Skip to content
Link copied to clipboard

Penn State can still earn Rose Bowl berth, but needs help from Ohio State in Big Ten championship game

By staying at No. 10 in the latest College Football Playoff ranking, the Nittany Lions remain an option for Pasadena but need the Buckeyes to beat up on Wisconsin.

Penn State linebacker Micah Parsons (11) tackling Rutgers tight end Johnathan Lewis (11) in the first quarter Saturday.
Penn State linebacker Micah Parsons (11) tackling Rutgers tight end Johnathan Lewis (11) in the first quarter Saturday.Read moreBarry Reeger / AP

Penn State’s road to the Rose Bowl is a little clearer after the penultimate rankings unveiled by the College Football Playoff selection committee, but the Nittany Lions still need some help to get there when the bowl invitations are handed out Sunday.

The rankings released Tuesday night kept the Lions in 10th place, the same as last week, after their lackluster 27-6 victory over Rutgers. However, Wisconsin’s 38-17 win over Minnesota vaulted the Badgers up into eighth place as the top two-loss team on the list.

Despite a stunning defeat at 6-6 Illinois, Wisconsin has moved up, according to CFP committee chair Rob Mullens, with its three wins over top 25 teams: Michigan, Iowa and Minnesota.

Should the Badgers defeat No. 1 Ohio State in Saturday’s Big Ten championship game, or if they play a competitive contest and lose by, say, 10 or fewer points, they would be the likely Rose Bowl participant Jan. 1 against the Pac-12 champion.

But if the Buckeyes can defeat Wisconsin along the lines of their 38-7 win over the Badgers in the regular season, the path to Pasadena for Penn State probably would be free from obstruction, its first trip since after the 2016 season.

In the Big Ten’s case, the Rose Bowl contract states that if the conference champion is selected for the College Football Playoff, the next-highest CFP-ranked team “traditionally” will go. But there are exceptions.

According to the Rose Bowl website, if the next-highest ranked team is among a “cluster” of teams separated by a few spots, the bowl would select “the best possible matchup.”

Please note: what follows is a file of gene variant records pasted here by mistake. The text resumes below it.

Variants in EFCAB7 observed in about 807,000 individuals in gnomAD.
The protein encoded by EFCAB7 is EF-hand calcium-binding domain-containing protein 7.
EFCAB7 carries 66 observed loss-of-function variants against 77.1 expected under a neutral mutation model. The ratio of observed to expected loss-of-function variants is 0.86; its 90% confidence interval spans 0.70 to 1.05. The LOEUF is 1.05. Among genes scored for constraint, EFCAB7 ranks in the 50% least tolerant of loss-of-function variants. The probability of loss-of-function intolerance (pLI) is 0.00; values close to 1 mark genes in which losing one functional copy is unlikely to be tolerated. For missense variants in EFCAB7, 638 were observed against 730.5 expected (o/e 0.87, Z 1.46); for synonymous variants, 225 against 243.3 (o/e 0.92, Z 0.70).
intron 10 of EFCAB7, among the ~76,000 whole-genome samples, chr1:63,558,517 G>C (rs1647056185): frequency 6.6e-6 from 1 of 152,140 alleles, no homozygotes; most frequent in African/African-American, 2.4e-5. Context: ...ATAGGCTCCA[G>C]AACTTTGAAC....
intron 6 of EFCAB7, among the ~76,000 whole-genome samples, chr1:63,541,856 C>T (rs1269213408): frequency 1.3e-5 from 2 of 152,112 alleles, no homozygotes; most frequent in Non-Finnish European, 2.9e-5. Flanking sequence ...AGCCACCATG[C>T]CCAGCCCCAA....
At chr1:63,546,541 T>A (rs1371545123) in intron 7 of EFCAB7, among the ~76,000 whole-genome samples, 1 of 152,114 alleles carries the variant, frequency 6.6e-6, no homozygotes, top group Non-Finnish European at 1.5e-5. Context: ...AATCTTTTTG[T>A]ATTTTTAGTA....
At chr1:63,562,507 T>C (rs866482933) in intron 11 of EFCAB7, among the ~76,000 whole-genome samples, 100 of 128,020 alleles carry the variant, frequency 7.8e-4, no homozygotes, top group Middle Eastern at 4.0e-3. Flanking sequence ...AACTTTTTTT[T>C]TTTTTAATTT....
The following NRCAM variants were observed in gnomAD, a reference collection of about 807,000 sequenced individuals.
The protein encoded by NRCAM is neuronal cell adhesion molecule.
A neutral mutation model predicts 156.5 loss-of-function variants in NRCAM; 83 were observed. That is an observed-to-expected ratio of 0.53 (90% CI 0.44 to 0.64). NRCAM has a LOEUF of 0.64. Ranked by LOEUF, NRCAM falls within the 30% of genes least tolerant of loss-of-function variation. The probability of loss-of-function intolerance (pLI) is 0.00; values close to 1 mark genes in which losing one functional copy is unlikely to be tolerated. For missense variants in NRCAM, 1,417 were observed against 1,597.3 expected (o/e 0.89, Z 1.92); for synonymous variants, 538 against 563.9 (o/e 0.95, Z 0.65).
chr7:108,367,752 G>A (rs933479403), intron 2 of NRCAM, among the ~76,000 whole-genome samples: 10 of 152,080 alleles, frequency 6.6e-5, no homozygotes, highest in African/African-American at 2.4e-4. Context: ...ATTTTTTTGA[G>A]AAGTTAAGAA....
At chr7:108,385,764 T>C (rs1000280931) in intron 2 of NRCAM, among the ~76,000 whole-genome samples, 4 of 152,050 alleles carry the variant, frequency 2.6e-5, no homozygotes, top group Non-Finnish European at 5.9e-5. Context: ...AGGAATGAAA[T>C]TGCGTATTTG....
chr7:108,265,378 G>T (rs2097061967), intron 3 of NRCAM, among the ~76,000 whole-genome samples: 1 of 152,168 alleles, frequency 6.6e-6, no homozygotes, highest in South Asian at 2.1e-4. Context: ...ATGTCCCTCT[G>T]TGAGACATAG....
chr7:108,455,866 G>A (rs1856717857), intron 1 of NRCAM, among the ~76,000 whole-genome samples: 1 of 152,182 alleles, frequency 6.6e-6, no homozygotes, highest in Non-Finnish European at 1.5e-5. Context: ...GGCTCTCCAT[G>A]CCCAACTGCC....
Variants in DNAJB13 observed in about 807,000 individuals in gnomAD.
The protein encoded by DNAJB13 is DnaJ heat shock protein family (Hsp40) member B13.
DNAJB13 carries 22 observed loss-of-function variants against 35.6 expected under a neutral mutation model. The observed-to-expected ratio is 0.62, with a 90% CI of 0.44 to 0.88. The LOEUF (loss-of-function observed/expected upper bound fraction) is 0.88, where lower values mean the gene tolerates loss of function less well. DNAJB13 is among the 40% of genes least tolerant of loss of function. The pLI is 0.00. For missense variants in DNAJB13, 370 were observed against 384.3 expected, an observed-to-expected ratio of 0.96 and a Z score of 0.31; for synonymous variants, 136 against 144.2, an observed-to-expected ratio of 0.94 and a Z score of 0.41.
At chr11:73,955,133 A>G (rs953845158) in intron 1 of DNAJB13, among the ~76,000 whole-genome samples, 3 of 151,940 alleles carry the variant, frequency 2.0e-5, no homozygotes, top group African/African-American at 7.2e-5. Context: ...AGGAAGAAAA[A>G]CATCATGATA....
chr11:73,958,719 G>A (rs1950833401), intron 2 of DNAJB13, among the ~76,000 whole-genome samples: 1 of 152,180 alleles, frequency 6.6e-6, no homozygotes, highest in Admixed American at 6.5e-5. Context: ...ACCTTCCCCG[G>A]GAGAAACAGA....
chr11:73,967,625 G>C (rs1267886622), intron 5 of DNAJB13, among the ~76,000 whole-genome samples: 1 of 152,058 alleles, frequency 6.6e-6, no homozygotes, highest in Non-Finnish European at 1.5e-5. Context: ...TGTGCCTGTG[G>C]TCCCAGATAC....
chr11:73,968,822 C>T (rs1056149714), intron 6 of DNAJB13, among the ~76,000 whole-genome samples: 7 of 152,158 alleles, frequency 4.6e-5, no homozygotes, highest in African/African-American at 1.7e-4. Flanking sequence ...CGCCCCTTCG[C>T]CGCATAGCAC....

Factors to be taken into account in that situation, the site says, are “in no particular order, the last time a team played in the Rose Bowl, head-to-head results, regular season schedule, overall record, opponents played, past playoff or bowl appearances and performance, and historical matchups.”

Had Minnesota defeated Wisconsin last Saturday, the Golden Gophers would have had the inside track on the Rose Bowl, particularly because they hadn’t played in Pasadena since 1962. But the loss dropped them to No. 18 and almost certainly out of the Rose Bowl picture.

If the Rose Bowl doesn’t work out for Penn State, the Orange Bowl and the Cotton Bowl remain remote possibilities.

The Orange Bowl, on Dec. 30, will feature an ACC team against the highest-ranked team from the SEC or the Big Ten. With Clemson likely to be chosen for the playoff, Virginia appears to have the best shot at the ACC berth, perhaps against Florida, which is No. 9 this week.

The Dec. 28 Cotton Bowl will feature two at-large teams selected by the CFP committee, one of them being the top Group of 5, which will likely be Memphis of the AAC if the Tigers can defeat Cincinnati in Saturday’s conference championship game. Bowl projections for the second team give Baylor a slight edge.

If none of this works out, the possibility of a Penn State trip to the Outback Bowl is out there.